Photo courtesy of Fred Wah. ©

I met Fred Wah at the University of Calgary around 1992. At the time, he was a Professor of English and one of two faculty members who taught poetry in the department’s fledgling creative writing program. Along with other faculty and students, Wah shaped that creative writing program into one of the triumphs of our university. His challenging, community-building classes are still highlights of my memories of the University of Calgary.

In March 2017, Fred Wah read in lower Manhattan from Scree: The Collected Earlier Poems, 1962-1991 (edited by Jeff Derksen and published by Talonbooks). Please buy Scree: it’s electrifying poetry that enacts Wah’s evolving engagements with the natural world. Mountains, trees, earth, and the B.C. interior all comprise distinct sections of this collection, along with poems from Wah’s best-known books. The poems republished here are from Scree’s “Tree” (1972); Wah was 33 years old. Though the late 1960s and early 1970s saw the rise of the modern green movement in America, it is remarkable that Wah voiced the concerns and conflicted conversations found in “Tree” while living in or near British Columbia’s industry-focused logging towns. He grappled at that early time with environmental and economic interests that many Canadians would only acknowledge decades later. He was able to envision trees as sentient beings long before non-human “sentience” entered the public discourse.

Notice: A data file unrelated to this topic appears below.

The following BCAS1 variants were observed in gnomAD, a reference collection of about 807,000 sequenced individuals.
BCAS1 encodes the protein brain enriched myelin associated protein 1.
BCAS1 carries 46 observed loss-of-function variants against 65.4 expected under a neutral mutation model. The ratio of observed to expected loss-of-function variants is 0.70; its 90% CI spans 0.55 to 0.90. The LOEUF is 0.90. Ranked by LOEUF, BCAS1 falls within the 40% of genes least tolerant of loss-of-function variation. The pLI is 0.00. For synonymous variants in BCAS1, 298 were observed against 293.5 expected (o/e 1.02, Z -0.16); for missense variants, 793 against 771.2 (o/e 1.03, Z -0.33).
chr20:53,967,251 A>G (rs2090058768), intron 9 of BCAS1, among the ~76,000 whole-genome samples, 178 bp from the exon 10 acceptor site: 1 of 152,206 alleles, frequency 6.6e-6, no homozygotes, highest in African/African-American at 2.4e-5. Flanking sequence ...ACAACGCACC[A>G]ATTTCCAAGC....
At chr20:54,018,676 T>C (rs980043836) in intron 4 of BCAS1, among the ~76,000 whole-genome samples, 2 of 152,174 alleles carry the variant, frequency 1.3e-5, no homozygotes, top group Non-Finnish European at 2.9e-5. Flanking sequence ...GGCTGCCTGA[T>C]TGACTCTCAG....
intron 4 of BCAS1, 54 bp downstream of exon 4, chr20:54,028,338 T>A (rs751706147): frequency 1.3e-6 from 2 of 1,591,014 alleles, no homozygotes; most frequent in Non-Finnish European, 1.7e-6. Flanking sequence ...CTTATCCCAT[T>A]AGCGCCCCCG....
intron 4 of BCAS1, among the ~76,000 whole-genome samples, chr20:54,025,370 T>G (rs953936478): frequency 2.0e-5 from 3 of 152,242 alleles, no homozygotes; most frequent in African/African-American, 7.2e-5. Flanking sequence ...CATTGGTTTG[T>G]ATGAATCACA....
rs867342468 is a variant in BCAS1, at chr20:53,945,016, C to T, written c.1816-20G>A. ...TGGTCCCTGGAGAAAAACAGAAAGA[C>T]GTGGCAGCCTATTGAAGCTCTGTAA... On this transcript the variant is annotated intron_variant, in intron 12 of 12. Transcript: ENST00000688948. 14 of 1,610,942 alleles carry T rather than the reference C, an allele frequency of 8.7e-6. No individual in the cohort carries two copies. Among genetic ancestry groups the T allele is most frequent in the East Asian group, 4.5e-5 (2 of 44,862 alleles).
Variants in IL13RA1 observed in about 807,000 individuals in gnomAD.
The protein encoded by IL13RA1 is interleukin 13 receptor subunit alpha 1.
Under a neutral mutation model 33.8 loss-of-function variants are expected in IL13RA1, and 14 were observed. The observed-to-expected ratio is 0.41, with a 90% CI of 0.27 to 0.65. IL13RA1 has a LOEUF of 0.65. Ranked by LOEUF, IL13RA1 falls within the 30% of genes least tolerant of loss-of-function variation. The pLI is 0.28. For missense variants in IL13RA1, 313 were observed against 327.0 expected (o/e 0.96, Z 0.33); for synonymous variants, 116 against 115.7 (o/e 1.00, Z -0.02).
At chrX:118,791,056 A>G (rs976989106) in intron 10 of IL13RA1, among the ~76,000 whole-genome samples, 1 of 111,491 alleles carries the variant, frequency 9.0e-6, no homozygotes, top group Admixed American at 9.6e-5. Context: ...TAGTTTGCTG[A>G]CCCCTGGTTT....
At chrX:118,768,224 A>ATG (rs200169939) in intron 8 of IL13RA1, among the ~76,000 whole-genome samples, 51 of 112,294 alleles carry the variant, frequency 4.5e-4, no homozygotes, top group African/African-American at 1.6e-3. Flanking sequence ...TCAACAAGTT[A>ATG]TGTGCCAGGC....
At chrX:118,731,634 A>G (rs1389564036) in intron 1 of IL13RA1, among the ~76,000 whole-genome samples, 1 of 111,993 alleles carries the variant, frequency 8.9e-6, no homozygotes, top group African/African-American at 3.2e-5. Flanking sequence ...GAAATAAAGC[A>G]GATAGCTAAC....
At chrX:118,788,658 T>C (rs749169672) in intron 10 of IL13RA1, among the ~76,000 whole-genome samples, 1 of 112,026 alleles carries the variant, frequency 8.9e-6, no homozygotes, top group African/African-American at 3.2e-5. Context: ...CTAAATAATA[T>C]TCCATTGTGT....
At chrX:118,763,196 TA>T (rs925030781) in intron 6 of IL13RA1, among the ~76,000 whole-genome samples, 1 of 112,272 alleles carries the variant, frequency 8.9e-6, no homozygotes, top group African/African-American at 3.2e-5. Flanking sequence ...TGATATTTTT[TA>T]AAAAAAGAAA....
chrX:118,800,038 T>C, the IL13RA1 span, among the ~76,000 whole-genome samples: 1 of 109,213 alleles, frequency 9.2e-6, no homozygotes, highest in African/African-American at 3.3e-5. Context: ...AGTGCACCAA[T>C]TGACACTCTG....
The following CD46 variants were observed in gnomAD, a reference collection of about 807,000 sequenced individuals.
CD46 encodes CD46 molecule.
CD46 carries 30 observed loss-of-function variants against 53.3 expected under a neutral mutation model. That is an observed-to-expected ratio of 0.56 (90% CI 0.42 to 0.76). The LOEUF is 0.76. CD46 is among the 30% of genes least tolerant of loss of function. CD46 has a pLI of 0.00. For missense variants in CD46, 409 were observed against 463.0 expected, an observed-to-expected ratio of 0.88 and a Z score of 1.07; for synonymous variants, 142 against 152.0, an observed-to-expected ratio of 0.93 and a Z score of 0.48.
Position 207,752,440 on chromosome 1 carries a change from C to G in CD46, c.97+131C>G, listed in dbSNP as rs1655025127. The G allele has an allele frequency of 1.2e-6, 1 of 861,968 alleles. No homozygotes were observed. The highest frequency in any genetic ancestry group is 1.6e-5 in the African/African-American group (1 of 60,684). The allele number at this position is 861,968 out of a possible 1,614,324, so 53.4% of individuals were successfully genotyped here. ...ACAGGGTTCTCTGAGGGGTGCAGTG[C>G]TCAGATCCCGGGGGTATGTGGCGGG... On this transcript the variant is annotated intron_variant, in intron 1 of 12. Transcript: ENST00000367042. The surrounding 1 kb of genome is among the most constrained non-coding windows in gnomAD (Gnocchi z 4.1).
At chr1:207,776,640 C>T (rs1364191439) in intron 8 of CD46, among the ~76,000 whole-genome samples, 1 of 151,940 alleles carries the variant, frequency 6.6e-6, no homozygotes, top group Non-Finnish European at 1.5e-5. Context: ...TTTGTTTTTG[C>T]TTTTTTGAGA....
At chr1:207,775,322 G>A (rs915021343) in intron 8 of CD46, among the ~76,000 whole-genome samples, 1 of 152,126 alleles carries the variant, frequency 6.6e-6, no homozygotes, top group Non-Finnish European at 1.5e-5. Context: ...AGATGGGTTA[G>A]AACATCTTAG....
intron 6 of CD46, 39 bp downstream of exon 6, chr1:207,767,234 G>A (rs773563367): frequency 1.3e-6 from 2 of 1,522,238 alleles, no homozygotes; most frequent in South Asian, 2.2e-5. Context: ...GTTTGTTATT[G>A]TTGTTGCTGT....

At his 2017 reading, Wah mentioned Rita Wong, a writer and activist with whom he was collaborating at the time on beholden: a poem as long as a river (published by Talonbooks in 2018). Wah and Wong had been discussing ways to write about the Columbia River. Wah fondly recounted how Wong told him she didn’t want to “colonize the river” through poetry. Wong’s comment marked a challenge that led both poets to “search for a language that evoked the complexities of our colonial appropriation of it.” 

As the global climate crisis accelerates, Wah’s recounting of Wong’s resistance to “colonizing the river” becomes more salient. Both poets remind us that language is one means of resistance: a tool we have to change the ways that we — and others — perceive the environment and our relations to it. Language is one tool of resistance. There are others for which we must search, both individually and collectively.

Thank you, Fred Wah, for your permission to republish this selection from Scree in The Typescript.